Public cloud-based platforms are not good locations for health care data, correct? While that may sound right, turns out it’s wrong. As we begin to study security issues in general, we’re finding that cloud-based data storage systems are perhaps more secure than traditional on-premise systems.
From both my personal experiences, as well as published analyst reports that are beginning to emerge, I believe this to be true. I suspect that many health care CIOs are reconsidering their position on placing data within public clouds, while many others will continue to be respectfully paranoid.
The data is arriving. According to Alert Logic’s Fall 2012 State of the Cloud Security Report, the variations in the threat activity are not as important as where the infrastructure is located. The report finds that anything that can be possibly accessed from outside, whether enterprise or cloud, has equal chances of being attacked because attacks are opportunistic in nature.
The report further finds that Web application-based attacks hit both service provider environments (53 percent of organizations) and on-premise environments (44 percent of organizations). However, on-premise environment users or customers actually suffer more incidents than those of service provider environments. On-premise environment users experience an average of 61.4 attacks while service provider environment customers averaged only with 27.8. On-premise environment users also suffered significantly more brute force attacks compared to their counterparts.
Clearly, there are myths out there that cloud computing is inherently less secure than traditional approaches. Those myths are prominent in the world of health care IT Consider the nature of the data, and the laws and regulations that typically surround that data. The paranoia is due largely to the fact that the approach itself feels insecure, with your data stored on servers and systems you don’t own or control.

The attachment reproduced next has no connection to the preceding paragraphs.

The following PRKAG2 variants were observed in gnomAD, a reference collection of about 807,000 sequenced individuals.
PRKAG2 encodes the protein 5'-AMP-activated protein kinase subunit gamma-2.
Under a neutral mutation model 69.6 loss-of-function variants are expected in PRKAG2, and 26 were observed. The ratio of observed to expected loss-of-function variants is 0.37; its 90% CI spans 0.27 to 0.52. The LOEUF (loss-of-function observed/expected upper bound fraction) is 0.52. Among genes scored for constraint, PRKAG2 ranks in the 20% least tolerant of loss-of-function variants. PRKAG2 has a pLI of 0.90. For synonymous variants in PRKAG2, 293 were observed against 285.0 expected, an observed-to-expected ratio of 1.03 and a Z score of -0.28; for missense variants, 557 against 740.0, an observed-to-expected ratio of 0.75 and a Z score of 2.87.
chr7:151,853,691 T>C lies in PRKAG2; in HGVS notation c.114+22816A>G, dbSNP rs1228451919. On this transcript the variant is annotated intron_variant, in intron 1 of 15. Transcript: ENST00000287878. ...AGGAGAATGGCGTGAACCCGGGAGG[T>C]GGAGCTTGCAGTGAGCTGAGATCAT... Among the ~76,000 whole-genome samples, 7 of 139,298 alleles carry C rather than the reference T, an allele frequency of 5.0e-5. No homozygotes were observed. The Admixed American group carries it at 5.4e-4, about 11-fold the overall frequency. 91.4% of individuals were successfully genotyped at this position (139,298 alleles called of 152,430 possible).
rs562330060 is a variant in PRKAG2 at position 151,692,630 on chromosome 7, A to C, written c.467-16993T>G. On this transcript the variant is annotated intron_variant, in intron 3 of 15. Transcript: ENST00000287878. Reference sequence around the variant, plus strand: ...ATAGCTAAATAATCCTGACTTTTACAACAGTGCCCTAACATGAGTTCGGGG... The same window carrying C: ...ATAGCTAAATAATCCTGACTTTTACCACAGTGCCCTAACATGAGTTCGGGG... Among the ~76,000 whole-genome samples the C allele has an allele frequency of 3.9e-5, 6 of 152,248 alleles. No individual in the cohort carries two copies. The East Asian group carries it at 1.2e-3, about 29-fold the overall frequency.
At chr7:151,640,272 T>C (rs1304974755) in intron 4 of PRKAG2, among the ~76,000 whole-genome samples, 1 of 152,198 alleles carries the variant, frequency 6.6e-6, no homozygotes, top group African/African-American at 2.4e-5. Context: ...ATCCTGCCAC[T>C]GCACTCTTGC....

However, control does not mean security. As we’ve discovered in this report, and in incidences over the last several years, it matters not where your data exists, but ways of access. This is the case for both cloud-based systems and traditional enterprise computing.
The path to security in the cloud is not much different than the path to security for internal systems. Why do many cloud-based systems seem to actually do better in these studies? Typically more planning and technology goes into securing public cloud-based systems due to the assumption that security will be an issue. Internal systems may not get the same amount of planning and resources, and thus they can actually be more vulnerable.
All things considered, those running healthcare IT shops, and looking to move to cloud computing, should follow a well-defined path.
First, understand your security and governance requirements for a specific system and/or data store. In the world of health care, this typically means considering auditing, compliance, and other policies to insure that your security approach lives up to the law, as well as best practices. Look at approaches to placing the data in tiers, from the lowest level of security to the highest level of security.
Second, understand that controlling access is much more important than the location of the data. Look at how the data is accessed, and look specifically at opportunities to breach. Again, most of the data breaches occur around finding vulnerability, no matter if it’s cloud-based or on-premise.
Finally, vulnerability testing is an absolute necessity. No matter if you’re testing the security of cloud-based or traditional systems. This goes well beyond security audits; it’s actual, physical testing, typically from an outside organization.
The use of cloud-based platforms to store health care data is something that seems unnatural for most of those who run IT shops in the health care vertical. However, the emerging data seems to pushback on this notion, albeit most health care organizations should approach cloud computing with a clear security plan. If they do that, all will be well with placing data in the cloud.
This column originally appeared at Health Data Management.